Raw Sugar, London Cocoa Fall to Five-Week Lows

July 29th, 2016


Category: Cocoa, Sugar

different types of sugar - brown, white and refined sugar(Reuters) – Raw sugar futures on ICE fell to a five-week low on Thursday, dropping for the third straight session on chart-based selling and as dealers focused on cane industry data expected next week.

London cocoa also fell to a five-week trough as the charts weakened, while coffee rose slightly.

Spot raw sugar futures were on track to close July down around 7 percent, their first monthly drop since January.

October raw sugar settled down 0.3 cent, or 1.6 percent, at 18.80 cents per lb, having touched 18.75 cents, the lowest since June 24.

The resumption of July’s slide below 19.13 cents leaves Monday’s 20.11 high in its wake.

“Until and unless such 20.11-plus strength is shown, the extent of this exposed correction or reversal lower is indeterminable and potentially severe given the extraordinarily frothy levels of bullish sentiment,” said Dave Toth, senior analyst of Market Insights for RJO’Brien in Chicago.

A global deficit is widely expected.

Also pressuring sugar prices was favorable harvest weather in center-south Brazil, with dealers expecting data from Brazilian cane industry association Unica on Monday to show a rapid crush in dry weather in the first half of July.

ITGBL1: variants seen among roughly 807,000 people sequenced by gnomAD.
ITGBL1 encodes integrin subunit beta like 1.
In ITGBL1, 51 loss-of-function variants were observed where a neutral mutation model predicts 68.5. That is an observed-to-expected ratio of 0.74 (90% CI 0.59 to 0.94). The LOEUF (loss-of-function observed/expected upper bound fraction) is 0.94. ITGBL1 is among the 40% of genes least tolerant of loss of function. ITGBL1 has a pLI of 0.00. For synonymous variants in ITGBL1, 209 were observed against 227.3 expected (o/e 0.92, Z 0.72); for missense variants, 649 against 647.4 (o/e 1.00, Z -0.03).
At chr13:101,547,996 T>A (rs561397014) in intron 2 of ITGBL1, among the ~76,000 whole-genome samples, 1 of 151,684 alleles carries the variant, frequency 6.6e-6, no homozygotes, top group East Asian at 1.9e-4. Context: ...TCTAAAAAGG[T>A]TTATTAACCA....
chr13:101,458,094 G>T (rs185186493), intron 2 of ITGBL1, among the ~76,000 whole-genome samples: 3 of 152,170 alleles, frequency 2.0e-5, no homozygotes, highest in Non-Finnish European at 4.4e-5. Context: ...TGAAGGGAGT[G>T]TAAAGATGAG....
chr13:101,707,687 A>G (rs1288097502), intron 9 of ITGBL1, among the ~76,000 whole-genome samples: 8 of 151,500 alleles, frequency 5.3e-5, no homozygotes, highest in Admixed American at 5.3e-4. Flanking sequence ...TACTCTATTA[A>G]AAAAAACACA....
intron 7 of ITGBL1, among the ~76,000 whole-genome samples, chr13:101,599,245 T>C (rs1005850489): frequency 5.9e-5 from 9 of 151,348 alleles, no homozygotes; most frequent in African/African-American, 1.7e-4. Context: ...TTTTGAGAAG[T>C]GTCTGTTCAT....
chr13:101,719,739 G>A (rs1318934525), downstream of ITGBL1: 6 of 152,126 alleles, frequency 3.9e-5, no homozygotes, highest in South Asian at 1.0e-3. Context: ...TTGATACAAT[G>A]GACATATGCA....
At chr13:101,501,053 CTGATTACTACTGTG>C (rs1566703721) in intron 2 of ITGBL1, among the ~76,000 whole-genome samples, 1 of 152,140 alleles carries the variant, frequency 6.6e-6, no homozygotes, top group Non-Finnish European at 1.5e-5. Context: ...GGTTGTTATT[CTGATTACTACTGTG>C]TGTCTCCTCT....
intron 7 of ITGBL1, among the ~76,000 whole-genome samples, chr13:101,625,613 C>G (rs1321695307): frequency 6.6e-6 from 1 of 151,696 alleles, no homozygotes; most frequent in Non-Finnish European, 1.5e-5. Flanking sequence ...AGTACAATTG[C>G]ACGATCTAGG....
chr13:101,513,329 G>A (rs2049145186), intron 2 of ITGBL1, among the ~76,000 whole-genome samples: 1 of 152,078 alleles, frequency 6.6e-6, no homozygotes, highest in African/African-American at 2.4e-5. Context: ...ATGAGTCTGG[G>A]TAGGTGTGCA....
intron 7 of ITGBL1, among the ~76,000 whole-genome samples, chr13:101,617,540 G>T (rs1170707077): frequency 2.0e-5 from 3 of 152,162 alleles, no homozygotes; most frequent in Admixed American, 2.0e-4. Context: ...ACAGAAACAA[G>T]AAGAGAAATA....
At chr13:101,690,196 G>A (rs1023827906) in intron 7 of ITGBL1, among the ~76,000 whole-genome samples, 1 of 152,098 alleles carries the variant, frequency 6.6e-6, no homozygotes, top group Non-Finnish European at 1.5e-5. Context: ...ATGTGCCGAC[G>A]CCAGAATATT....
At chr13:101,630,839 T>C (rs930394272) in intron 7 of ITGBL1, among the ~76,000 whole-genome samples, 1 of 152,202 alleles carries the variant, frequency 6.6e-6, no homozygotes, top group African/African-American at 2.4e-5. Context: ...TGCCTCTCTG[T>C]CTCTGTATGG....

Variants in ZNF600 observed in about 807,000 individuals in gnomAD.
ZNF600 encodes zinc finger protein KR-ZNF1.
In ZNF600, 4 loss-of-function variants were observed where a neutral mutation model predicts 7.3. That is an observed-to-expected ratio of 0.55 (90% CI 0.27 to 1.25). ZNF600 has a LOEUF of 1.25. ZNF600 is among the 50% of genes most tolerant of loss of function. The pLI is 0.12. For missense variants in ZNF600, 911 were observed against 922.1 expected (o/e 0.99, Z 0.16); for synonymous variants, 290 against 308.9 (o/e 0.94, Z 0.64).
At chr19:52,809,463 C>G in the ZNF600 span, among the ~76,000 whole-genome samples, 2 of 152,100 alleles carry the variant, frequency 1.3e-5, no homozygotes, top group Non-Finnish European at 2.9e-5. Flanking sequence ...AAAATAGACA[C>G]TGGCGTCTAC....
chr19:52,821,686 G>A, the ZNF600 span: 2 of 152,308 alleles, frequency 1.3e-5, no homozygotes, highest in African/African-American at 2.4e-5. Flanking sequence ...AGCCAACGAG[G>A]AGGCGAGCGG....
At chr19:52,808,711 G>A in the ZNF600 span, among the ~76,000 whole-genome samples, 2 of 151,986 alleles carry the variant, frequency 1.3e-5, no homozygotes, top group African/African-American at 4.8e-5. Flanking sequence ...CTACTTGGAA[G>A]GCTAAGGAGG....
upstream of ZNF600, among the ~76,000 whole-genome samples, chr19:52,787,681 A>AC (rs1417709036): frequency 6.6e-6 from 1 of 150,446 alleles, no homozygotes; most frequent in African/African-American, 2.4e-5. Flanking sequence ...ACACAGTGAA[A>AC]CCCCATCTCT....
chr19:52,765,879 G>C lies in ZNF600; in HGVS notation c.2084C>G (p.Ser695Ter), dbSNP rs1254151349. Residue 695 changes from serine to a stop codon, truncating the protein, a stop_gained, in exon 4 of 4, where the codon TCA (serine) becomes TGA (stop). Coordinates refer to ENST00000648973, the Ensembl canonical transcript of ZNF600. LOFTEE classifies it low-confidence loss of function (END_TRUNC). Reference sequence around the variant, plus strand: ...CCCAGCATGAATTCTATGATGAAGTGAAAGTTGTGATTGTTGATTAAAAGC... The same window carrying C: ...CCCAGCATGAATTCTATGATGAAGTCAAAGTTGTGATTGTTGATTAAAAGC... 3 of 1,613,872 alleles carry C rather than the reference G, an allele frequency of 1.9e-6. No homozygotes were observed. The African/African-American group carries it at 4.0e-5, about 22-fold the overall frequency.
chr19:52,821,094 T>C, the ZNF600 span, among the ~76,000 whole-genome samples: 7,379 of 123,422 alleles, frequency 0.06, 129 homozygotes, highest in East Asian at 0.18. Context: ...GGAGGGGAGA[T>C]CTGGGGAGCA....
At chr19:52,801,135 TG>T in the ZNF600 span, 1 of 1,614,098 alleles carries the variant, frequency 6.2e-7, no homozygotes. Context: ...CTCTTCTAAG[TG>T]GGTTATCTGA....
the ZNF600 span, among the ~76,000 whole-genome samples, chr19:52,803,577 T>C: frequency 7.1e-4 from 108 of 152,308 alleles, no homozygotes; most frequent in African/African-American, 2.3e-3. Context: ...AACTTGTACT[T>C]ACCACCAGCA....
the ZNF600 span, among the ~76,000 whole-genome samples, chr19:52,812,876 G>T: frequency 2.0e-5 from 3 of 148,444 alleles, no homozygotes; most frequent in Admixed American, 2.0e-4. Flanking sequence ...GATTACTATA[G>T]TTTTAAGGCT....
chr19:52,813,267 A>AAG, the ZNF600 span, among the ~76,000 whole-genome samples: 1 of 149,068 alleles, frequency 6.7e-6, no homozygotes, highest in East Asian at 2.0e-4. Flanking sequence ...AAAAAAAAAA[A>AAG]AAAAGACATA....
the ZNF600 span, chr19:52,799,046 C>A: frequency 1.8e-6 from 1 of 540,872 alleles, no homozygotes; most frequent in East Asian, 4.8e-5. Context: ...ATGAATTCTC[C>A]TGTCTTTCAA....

“Until we see any signs of poor weather, the market sees sugar pouring out of Brazil,” one analyst with a Western trade house said.

October white sugar settled down $3.90, or 0.8 percent, at $518.10 per tonne.

London cocoa futures fell to the lowest since June 24 on weakening charts and after data showed grinder output in top grower Ivory Coast fell 9 percent so far this season due to poor bean quality.

September London cocoa settled down 20 pounds, or 0.9 percent, at 2,332 pounds per tonne, after falling to 2,322 pounds, the lowest since June 24.

September New York cocoa settled down $7, or 0.3 percent, at $2,850 per tonne, and was on track to fall for the third straight month.

Robusta coffee futures inched up, supported by tight global inventories.

September robusta settled up $9, or 0.5 percent, at $1,813 per tonne, while September arabica settled up 0.95 cent, or 0.7 percent, at $1.4215 per lb.

“Front-month arabica prices have failed to break above resistance at $1.50/lb and are now showing a bearish divergence on short-term momentum indicators suggesting a likely move lower,” said BMI Research in a note.

A Reuters poll showed that coffee prices are expected to hit their highest since early 2015 by the end of this year.

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